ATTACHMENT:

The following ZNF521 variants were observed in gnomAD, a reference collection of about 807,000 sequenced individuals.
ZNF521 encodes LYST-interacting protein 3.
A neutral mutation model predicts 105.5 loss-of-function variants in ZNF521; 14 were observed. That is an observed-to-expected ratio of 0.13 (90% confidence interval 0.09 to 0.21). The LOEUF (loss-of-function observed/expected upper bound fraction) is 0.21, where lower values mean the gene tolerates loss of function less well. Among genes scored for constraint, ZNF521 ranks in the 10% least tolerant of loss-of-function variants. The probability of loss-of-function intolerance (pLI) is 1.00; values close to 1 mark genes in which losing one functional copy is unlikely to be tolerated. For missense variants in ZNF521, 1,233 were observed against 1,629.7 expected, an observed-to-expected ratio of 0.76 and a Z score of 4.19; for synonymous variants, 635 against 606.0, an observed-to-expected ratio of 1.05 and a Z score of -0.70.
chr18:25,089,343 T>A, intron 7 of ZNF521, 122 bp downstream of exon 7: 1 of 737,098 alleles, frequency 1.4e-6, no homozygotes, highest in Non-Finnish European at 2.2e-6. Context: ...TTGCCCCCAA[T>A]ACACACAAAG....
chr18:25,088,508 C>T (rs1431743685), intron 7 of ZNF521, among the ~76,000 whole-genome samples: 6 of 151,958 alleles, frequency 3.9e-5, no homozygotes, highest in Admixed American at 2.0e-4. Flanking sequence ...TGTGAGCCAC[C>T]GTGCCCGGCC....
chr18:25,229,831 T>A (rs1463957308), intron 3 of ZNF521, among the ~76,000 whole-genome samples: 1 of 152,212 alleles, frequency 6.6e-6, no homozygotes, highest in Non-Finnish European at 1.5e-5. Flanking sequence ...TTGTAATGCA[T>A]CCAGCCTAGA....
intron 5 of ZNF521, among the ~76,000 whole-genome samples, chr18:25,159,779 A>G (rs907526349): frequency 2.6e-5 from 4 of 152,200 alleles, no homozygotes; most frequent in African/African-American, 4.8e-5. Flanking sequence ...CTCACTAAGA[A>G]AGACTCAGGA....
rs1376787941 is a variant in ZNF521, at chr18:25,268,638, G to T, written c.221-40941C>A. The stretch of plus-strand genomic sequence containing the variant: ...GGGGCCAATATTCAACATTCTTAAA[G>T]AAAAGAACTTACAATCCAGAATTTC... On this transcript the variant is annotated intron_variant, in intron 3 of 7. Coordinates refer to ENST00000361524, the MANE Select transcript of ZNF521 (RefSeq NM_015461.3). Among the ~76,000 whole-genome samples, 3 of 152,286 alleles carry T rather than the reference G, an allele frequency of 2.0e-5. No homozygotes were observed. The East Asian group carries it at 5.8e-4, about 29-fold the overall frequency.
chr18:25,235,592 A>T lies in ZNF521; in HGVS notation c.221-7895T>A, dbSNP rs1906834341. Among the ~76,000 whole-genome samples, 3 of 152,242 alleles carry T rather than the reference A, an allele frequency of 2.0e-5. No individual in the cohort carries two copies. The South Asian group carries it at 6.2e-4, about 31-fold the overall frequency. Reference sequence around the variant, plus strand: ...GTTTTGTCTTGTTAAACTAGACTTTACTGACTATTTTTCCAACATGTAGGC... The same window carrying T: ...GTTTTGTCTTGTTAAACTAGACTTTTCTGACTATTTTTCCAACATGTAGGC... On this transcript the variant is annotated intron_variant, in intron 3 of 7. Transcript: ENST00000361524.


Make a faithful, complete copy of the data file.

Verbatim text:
The following ZNF521 variants were observed in gnomAD, a reference collection of about 807,000 sequenced individuals.
ZNF521 encodes LYST-interacting protein 3.
A neutral mutation model predicts 105.5 loss-of-function variants in ZNF521; 14 were observed. That is an observed-to-expected ratio of 0.13 (90% confidence interval 0.09 to 0.21). The LOEUF (loss-of-function observed/expected upper bound fraction) is 0.21, where lower values mean the gene tolerates loss of function less well. Among genes scored for constraint, ZNF521 ranks in the 10% least tolerant of loss-of-function variants. The probability of loss-of-function intolerance (pLI) is 1.00; values close to 1 mark genes in which losing one functional copy is unlikely to be tolerated. For missense variants in ZNF521, 1,233 were observed against 1,629.7 expected, an observed-to-expected ratio of 0.76 and a Z score of 4.19; for synonymous variants, 635 against 606.0, an observed-to-expected ratio of 1.05 and a Z score of -0.70.
chr18:25,089,343 T>A, intron 7 of ZNF521, 122 bp downstream of exon 7: 1 of 737,098 alleles, frequency 1.4e-6, no homozygotes, highest in Non-Finnish European at 2.2e-6. Context: ...TTGCCCCCAA[T>A]ACACACAAAG....
chr18:25,088,508 C>T (rs1431743685), intron 7 of ZNF521, among the ~76,000 whole-genome samples: 6 of 151,958 alleles, frequency 3.9e-5, no homozygotes, highest in Admixed American at 2.0e-4. Flanking sequence ...TGTGAGCCAC[C>T]GTGCCCGGCC....
chr18:25,229,831 T>A (rs1463957308), intron 3 of ZNF521, among the ~76,000 whole-genome samples: 1 of 152,212 alleles, frequency 6.6e-6, no homozygotes, highest in Non-Finnish European at 1.5e-5. Flanking sequence ...TTGTAATGCA[T>A]CCAGCCTAGA....
intron 5 of ZNF521, among the ~76,000 whole-genome samples, chr18:25,159,779 A>G (rs907526349): frequency 2.6e-5 from 4 of 152,200 alleles, no homozygotes; most frequent in African/African-American, 4.8e-5. Flanking sequence ...CTCACTAAGA[A>G]AGACTCAGGA....
rs1376787941 is a variant in ZNF521, at chr18:25,268,638, G to T, written c.221-40941C>A. The stretch of plus-strand genomic sequence containing the variant: ...GGGGCCAATATTCAACATTCTTAAA[G>T]AAAAGAACTTACAATCCAGAATTTC... On this transcript the variant is annotated intron_variant, in intron 3 of 7. Coordinates refer to ENST00000361524, the MANE Select transcript of ZNF521 (RefSeq NM_015461.3). Among the ~76,000 whole-genome samples, 3 of 152,286 alleles carry T rather than the reference G, an allele frequency of 2.0e-5. No homozygotes were observed. The East Asian group carries it at 5.8e-4, about 29-fold the overall frequency.
chr18:25,235,592 A>T lies in ZNF521; in HGVS notation c.221-7895T>A, dbSNP rs1906834341. Among the ~76,000 whole-genome samples, 3 of 152,242 alleles carry T rather than the reference A, an allele frequency of 2.0e-5. No individual in the cohort carries two copies. The South Asian group carries it at 6.2e-4, about 31-fold the overall frequency. Reference sequence around the variant, plus strand: ...GTTTTGTCTTGTTAAACTAGACTTTACTGACTATTTTTCCAACATGTAGGC... The same window carrying T: ...GTTTTGTCTTGTTAAACTAGACTTTTCTGACTATTTTTCCAACATGTAGGC... On this transcript the variant is annotated intron_variant, in intron 3 of 7. Transcript: ENST00000361524.